Hello and welcome to the Indy Environment newsletter.

It’s December 24, 2020. And it goes without saying that it’s been a tough year all around. While I look forward to 2021, I keep in mind that the next few months – and longer – should remain difficult, perhaps even more so. But as this holiday week approaches, I’m grateful for so many things, including The Indy, for the opportunity to write this newsletter every week and to be able to showcase voices from across the state. Hope everyone can take some time during the break and celebrate a warm holiday with their friends and family even though Zoom is over.

As always, we want to hear from readers. Let us know what you see on the ground and how the policies affect you. Email me with any tips or suggestions to [email protected].

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1. Move from climate change planning to climate policy: Nevada now has a climate strategy on Governor Steve Sisolak’s desk. The thing to watch out for in 2021 is how the state begins to implement it. The overall objective of the climate strategy is to provide a path to net zero emissions by 2050. Thus, by definition, it has a lifespan of several decades. But that does not excuse policymakers to act now. The strategy recognizes that, without a new policy, Nevada is unable to meet the 2050 target. The questions then become: what policies and how are they prioritized?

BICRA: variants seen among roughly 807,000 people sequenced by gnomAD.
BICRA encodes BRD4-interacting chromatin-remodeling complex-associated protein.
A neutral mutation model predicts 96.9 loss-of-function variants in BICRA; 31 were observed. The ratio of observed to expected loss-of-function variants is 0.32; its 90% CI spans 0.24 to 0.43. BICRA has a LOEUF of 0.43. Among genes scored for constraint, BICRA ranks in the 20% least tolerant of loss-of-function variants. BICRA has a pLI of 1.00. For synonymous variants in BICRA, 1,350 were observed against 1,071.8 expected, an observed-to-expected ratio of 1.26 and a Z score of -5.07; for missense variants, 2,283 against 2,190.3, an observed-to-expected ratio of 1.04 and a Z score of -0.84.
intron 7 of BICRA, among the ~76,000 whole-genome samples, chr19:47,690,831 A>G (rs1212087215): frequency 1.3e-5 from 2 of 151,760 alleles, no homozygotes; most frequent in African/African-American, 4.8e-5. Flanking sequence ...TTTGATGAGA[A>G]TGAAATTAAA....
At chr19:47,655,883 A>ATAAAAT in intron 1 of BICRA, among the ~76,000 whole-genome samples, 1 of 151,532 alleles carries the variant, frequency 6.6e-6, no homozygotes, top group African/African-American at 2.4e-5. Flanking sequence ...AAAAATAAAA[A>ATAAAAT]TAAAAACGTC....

The climate plan differs from other reports in that it does not deliver pre-written bills to the legislature or prescribe local governments exactly what policies they must implement to put the state on the right track. way to achieve its goals. This makes a point simpler: Climate change is something that regulators and elected officials need to incorporate into all of their processes – something to consider every step of the way. Over the next year, it will be important to see how policymakers, local and national, assess climate change decision-making on a range of issues – in housing construction, transport, urban planning and diversification of the state economy. How these policies approach social justice and equity are critical, and ones I will be watching closely.

2. A shift to public lands and environmental regulations: Over the weekend, President-elect Joe Biden introduced his climate team, made up of people appointed by the administration for several key positions related to energy and the environment. Compared to Trump’s appointments in recent years, Biden’s appointments generally represent a mixed study.